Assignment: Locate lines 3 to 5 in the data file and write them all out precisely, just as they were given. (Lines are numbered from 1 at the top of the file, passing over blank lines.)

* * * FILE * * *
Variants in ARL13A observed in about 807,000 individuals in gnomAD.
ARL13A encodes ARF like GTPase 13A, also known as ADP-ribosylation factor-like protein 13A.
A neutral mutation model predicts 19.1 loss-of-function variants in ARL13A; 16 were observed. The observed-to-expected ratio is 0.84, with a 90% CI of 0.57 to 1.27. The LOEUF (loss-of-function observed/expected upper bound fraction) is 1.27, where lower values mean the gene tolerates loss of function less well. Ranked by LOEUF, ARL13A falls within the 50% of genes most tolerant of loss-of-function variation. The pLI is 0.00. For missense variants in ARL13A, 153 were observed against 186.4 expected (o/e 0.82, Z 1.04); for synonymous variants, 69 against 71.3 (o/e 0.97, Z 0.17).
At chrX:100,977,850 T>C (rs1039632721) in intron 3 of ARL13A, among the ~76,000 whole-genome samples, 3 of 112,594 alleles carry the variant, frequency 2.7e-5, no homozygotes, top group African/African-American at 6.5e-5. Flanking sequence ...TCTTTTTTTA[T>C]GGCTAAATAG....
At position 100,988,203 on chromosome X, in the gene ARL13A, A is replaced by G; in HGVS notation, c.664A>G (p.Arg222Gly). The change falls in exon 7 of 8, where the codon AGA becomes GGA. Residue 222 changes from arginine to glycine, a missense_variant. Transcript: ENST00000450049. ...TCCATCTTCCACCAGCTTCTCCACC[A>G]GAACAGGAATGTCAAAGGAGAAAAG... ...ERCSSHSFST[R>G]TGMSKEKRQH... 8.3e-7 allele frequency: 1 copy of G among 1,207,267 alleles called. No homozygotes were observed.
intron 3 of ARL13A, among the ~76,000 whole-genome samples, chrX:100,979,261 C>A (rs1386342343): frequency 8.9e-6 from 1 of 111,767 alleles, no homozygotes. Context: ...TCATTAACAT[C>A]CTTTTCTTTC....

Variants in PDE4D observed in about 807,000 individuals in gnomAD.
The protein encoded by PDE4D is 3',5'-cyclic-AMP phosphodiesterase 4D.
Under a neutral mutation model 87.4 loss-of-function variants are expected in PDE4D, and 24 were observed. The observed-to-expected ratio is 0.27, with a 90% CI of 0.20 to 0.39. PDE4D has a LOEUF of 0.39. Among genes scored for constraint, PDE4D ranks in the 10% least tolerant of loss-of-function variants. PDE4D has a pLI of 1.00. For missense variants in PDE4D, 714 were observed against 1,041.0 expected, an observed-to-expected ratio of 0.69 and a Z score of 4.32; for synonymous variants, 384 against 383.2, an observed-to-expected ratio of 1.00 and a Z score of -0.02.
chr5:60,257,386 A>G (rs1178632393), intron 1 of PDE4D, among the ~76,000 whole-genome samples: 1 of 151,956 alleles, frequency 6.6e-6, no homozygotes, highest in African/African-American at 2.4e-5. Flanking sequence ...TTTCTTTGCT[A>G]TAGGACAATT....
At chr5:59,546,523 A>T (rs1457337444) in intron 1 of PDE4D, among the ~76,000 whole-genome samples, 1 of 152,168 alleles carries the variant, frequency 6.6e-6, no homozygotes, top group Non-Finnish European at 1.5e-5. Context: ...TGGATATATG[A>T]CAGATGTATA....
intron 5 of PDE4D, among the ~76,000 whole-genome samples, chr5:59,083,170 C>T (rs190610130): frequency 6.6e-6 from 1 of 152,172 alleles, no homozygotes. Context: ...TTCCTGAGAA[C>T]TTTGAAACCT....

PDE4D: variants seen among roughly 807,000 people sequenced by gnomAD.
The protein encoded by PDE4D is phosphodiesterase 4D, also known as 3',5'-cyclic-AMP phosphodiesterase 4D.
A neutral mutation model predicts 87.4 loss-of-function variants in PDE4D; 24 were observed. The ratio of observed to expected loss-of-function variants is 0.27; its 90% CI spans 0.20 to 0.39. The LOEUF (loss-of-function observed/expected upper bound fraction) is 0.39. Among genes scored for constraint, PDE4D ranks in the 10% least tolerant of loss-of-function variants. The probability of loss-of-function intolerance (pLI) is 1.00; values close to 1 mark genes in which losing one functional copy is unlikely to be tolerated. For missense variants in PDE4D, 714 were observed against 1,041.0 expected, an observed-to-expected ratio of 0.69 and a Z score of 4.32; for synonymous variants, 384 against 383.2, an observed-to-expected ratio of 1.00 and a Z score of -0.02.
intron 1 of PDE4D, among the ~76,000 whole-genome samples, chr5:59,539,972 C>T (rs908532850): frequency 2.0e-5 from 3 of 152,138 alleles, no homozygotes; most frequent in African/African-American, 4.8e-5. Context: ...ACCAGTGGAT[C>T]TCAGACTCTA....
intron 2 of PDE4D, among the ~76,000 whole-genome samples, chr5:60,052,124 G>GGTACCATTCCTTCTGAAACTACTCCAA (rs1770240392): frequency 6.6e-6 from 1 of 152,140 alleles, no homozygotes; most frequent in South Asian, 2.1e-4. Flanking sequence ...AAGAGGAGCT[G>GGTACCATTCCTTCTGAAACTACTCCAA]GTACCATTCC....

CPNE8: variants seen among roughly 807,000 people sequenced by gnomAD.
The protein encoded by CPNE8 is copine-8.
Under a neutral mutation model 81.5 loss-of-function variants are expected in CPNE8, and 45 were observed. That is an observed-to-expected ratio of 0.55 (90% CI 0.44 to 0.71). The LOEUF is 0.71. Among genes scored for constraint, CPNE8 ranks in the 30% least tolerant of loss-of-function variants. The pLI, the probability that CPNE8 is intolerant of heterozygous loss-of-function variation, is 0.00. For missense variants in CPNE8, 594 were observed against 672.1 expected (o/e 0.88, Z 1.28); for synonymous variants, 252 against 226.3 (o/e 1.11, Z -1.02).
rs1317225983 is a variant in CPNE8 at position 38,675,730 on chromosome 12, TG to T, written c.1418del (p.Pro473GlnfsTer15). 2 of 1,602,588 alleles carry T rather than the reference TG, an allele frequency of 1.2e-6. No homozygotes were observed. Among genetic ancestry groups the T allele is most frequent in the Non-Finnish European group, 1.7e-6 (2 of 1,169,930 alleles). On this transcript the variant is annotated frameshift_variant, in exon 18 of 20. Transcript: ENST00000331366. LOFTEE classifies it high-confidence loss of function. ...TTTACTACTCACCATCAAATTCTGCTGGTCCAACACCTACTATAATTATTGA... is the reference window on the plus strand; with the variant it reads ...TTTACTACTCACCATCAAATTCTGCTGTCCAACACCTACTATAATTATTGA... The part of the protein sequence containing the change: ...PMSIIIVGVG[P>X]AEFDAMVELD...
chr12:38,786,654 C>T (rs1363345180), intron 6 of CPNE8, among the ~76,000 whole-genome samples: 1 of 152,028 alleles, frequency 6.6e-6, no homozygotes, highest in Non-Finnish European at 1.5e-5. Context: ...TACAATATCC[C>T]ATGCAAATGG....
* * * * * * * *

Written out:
A neutral mutation model predicts 19.1 loss-of-function variants in ARL13A; 16 were observed. The observed-to-expected ratio is 0.84, with a 90% CI of 0.57 to 1.27. The LOEUF (loss-of-function observed/expected upper bound fraction) is 1.27, where lower values mean the gene tolerates loss of function less well. Ranked by LOEUF, ARL13A falls within the 50% of genes most tolerant of loss-of-function variation. The pLI is 0.00. For missense variants in ARL13A, 153 were observed against 186.4 expected (o/e 0.82, Z 1.04); for synonymous variants, 69 against 71.3 (o/e 0.97, Z 0.17).
At chrX:100,977,850 T>C (rs1039632721) in intron 3 of ARL13A, among the ~76,000 whole-genome samples, 3 of 112,594 alleles carry the variant, frequency 2.7e-5, no homozygotes, top group African/African-American at 6.5e-5. Flanking sequence ...TCTTTTTTTA[T>C]GGCTAAATAG....
At position 100,988,203 on chromosome X, in the gene ARL13A, A is replaced by G; in HGVS notation, c.664A>G (p.Arg222Gly). The change falls in exon 7 of 8, where the codon AGA becomes GGA. Residue 222 changes from arginine to glycine, a missense_variant. Transcript: ENST00000450049. ...TCCATCTTCCACCAGCTTCTCCACC[A>G]GAACAGGAATGTCAAAGGAGAAAAG... ...ERCSSHSFST[R>G]TGMSKEKRQH... 8.3e-7 allele frequency: 1 copy of G among 1,207,267 alleles called. No homozygotes were observed.